The Tropospheric Emissions: Monitoring of Pollution (TEMPO) instrument collected its “first light” measurements of nitrogen dioxide air pollution over North America on August 2, 2023. NASA created this visualization to show the high levels of nitrogen dioxide over urban areas. Credit: NASA's Scientific Visualization Studio Data provided by the Smithsonian Astrophysical Observatory at the Center for Astrophysics | Harvard & Smithsonian.

SAN FRANCISCO – The first NASA satellite to measure air pollution hourly shows so much promise that space agency officials are already thinking about ways to extend its life.

“We want TEMPO to last for 10 years, if possible,” Barry Lefer, NASA tropospheric composition program manager, said Dec. 12 at the American Geophysical Union annual meeting here. “So, we are going to baby it.”

TEMPO, short for Tropospheric Emissions: Monitoring of Pollution, was sent aloft in April as a hosted payload on Intelsat 40e, a geostationary communications satellite. The instrument, built by Ball Aerospace to measure atmospheric pollution from Canada’s oil sands to the Yucatán Peninsula and from the Atlantic Ocean to the Pacific Ocean, made its first North American scans in early August.

NASA researchers immediately began comparing TEMPO data with airborne measurements of the same locations.

Since August, “the TEMPO team has been busy testing out all different parts of the instrument and optimizing that scan pattern,” Lefer said. “The most exciting thing is it’s working incredibly well.”

NASA’s Tropospheric Emissions: Monitoring of Pollution sensor, called TEMPO, is designed to provide hourly daytime measurements of pollutants including ozone, nitrogen dioxide, sulfur dioxide, formaldehyde and aerosols over the United States, Canada and Mexico. Credit: NASA

NASA Pathfinder

TEMPO is NASA’s first Earth-observation satellite in geostationary orbit. Previous polar-orbiting satellites provided daily observations. In contrast, TEMPO is providing 10 to 12 daily scans.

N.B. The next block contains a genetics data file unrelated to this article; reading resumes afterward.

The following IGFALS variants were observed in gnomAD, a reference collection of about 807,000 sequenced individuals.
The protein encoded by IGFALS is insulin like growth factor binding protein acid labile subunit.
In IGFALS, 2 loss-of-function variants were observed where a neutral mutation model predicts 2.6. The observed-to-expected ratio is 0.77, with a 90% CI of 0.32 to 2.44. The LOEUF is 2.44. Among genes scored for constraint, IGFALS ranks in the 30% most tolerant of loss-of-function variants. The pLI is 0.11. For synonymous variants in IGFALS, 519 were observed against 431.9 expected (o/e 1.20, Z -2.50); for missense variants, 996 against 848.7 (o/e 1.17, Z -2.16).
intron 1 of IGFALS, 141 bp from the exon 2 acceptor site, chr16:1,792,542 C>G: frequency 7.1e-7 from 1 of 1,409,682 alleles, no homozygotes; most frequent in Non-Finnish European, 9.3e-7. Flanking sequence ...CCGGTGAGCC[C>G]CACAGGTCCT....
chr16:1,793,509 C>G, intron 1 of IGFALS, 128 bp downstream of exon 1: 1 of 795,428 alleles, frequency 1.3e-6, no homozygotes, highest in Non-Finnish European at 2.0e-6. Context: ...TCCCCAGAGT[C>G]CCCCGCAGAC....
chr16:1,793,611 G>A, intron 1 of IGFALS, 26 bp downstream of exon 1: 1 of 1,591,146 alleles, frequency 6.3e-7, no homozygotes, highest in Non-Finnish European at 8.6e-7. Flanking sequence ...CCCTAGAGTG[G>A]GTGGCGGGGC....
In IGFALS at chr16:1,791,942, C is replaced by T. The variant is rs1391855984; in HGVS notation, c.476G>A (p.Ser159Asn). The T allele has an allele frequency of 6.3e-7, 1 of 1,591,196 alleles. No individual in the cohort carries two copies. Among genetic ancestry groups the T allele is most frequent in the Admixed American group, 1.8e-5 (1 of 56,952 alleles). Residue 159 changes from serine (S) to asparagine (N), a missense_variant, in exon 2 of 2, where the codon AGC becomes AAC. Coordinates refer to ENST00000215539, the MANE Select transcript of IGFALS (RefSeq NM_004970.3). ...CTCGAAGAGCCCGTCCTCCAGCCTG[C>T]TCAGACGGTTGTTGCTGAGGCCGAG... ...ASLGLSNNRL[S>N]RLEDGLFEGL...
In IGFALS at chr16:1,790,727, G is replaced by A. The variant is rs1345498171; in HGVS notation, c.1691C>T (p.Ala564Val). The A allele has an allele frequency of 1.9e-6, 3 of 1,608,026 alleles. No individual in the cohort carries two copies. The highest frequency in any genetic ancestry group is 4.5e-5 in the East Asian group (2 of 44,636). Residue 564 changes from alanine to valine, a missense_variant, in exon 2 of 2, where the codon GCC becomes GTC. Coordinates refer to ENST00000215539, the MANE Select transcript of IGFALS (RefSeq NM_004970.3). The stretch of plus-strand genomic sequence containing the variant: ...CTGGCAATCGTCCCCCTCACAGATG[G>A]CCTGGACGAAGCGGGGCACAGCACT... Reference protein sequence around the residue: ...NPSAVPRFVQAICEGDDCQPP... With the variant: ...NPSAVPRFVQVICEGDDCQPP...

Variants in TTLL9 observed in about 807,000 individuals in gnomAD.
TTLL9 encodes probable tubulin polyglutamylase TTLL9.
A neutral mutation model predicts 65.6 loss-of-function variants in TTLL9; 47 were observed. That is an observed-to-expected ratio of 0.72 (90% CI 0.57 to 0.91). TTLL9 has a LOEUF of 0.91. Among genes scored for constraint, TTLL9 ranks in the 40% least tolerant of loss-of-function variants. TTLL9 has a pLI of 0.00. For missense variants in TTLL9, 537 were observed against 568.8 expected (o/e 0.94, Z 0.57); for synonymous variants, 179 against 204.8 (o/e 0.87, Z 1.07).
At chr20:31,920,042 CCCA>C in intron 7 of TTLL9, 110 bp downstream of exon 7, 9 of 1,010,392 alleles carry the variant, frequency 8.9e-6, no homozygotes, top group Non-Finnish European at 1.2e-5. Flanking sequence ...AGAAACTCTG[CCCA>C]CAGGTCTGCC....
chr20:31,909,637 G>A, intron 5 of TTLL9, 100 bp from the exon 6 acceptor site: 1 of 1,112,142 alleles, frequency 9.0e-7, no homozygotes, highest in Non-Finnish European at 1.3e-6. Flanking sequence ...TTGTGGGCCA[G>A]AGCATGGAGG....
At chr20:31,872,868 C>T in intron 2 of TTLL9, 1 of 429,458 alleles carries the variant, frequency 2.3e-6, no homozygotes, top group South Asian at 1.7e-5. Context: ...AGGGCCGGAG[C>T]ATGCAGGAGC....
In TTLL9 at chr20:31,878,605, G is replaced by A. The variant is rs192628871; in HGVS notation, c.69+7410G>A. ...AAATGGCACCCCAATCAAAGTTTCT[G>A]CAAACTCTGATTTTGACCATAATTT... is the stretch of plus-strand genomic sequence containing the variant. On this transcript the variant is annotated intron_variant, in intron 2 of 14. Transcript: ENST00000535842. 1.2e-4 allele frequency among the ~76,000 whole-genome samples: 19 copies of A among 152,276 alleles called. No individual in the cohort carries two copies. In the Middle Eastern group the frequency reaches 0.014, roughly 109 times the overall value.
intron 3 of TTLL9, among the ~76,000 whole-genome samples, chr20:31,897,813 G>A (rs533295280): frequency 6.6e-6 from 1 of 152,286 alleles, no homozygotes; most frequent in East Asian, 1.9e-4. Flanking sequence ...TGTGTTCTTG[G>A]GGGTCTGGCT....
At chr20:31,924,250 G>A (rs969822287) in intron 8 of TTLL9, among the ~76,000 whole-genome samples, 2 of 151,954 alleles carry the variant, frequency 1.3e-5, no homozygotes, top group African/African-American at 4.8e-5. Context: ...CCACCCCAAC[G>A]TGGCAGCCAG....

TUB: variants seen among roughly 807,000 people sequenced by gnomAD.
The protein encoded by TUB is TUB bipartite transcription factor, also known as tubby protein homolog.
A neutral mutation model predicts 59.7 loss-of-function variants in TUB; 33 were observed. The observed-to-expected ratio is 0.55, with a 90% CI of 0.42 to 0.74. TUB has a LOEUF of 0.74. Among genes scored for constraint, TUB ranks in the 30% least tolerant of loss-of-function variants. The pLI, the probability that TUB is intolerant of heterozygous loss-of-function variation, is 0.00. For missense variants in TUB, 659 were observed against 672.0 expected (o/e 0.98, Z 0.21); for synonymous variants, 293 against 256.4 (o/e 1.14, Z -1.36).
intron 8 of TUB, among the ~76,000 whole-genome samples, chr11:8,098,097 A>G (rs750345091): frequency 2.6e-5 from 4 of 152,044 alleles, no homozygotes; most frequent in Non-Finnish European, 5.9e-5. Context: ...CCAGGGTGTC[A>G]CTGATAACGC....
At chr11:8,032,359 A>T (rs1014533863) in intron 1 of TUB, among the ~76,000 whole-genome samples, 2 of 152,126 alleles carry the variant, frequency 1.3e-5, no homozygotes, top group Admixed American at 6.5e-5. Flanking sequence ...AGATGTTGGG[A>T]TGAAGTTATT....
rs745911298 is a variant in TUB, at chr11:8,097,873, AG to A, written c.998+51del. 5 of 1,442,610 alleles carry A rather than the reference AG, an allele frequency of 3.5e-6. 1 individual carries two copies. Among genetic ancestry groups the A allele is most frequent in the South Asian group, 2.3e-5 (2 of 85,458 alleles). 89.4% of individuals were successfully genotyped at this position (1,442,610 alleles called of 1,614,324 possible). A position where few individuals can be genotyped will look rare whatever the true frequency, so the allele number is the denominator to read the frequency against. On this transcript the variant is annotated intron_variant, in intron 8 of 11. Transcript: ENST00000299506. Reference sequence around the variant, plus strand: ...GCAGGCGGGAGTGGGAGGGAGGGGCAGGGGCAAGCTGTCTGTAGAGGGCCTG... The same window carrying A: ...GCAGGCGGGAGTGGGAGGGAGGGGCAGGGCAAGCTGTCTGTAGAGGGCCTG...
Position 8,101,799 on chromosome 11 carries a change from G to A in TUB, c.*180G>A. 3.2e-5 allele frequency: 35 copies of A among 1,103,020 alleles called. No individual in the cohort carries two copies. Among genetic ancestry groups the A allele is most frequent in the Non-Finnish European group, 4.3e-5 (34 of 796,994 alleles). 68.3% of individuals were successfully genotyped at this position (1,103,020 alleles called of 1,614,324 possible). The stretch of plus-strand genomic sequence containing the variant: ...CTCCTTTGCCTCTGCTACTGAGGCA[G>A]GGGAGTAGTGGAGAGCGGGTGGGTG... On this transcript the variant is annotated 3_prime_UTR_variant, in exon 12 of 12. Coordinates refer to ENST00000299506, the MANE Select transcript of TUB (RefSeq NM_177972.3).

“It’s the first time to have the range of spectral data from a geostationary satellite,” said Hazem Mahmoud, an Earth scientist from NASA’s Langley Research Center. “We have been working on development of new software capability to handle this very high temporal resolution data.”

NASA will share data on atmospheric concentrations of nitrogen dioxide, formaldehyde and ozone with the National Oceanic and Atmospheric Administration and the Environmental Protection Agency to improve air quality forecasts.

More than 500 early adopters already have access to TEMPO data. Validated data is scheduled to be released publicly in April.


In addition to TEMPO, Ball Aerospace developed and built the Geostationary Environment Monitoring Spectrometer for the South Korean National Institute of Environmental Research.

The two instruments are similar, but TEMPO has fewer redundant parts than GEM, launched in 2020.

“TEMPO was a very inexpensive cost-capped mission,” Lefer said. “As a pathfinder, we developed the new technology and proved that it works. Then, we work with NOAA on the next generation.”

NOAA’s Atmospheric Composition Instrument, an improved version of TEMPO, is scheduled to launch sometime in the mid 2030s on a Geostationary Extended Observations satellite over the central United States.

TEMPO is designed to operate in orbit for at least 20 months, but NASA officials hope it lasts much longer. Intelsat has assured NASA that it plans to keep TEMPO’s host satellite in orbit for 10 to 15 years.

“If the instrument continues to operate, we will continue to collect data for that whole time,” Lefer said.

Virtual Constellation

A virtual constellation to monitor air pollution over the Northern Hemisphere will be created by TEMPO, GEMS and the European Space Agency’s Meteosat Third Generation Sounder satellite, scheduled to launch in 2024.

The space agencies are working closely together to jointly calibrate and validate the various instruments.

Debra Werner is a correspondent for SpaceNews based in San Francisco. Debra earned a bachelor’s degree in communications from the University of California, Berkeley, and a master’s degree in Journalism from Northwestern University. She...